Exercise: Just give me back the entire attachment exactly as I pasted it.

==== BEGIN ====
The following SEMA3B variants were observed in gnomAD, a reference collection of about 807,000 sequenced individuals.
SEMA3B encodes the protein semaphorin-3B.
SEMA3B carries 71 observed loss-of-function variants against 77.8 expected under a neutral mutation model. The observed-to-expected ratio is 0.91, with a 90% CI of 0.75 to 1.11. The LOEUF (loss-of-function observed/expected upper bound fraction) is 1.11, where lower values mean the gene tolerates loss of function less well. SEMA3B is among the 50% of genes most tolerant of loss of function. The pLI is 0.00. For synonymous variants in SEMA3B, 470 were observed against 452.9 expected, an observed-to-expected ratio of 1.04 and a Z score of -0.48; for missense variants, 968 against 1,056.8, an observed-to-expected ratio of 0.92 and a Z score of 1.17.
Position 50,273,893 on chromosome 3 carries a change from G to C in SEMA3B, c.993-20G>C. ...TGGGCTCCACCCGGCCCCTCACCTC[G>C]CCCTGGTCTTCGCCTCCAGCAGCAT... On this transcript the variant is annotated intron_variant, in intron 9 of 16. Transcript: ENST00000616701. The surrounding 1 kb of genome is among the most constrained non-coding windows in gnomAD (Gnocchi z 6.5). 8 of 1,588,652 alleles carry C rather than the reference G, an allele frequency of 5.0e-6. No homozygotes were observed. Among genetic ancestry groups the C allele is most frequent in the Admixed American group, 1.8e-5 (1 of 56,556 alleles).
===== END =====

The following SEMA3B variants were observed in gnomAD, a reference collection of about 807,000 sequenced individuals.
SEMA3B encodes the protein semaphorin-3B.
SEMA3B carries 71 observed loss-of-function variants against 77.8 expected under a neutral mutation model. The observed-to-expected ratio is 0.91, with a 90% CI of 0.75 to 1.11. The LOEUF (loss-of-function observed/expected upper bound fraction) is 1.11, where lower values mean the gene tolerates loss of function less well. SEMA3B is among the 50% of genes most tolerant of loss of function. The pLI is 0.00. For synonymous variants in SEMA3B, 470 were observed against 452.9 expected, an observed-to-expected ratio of 1.04 and a Z score of -0.48; for missense variants, 968 against 1,056.8, an observed-to-expected ratio of 0.92 and a Z score of 1.17.
Position 50,273,893 on chromosome 3 carries a change from G to C in SEMA3B, c.993-20G>C. ...TGGGCTCCACCCGGCCCCTCACCTC[G>C]CCCTGGTCTTCGCCTCCAGCAGCAT... On this transcript the variant is annotated intron_variant, in intron 9 of 16. Transcript: ENST00000616701. The surrounding 1 kb of genome is among the most constrained non-coding windows in gnomAD (Gnocchi z 6.5). 8 of 1,588,652 alleles carry C rather than the reference G, an allele frequency of 5.0e-6. No homozygotes were observed. Among genetic ancestry groups the C allele is most frequent in the Admixed American group, 1.8e-5 (1 of 56,556 alleles).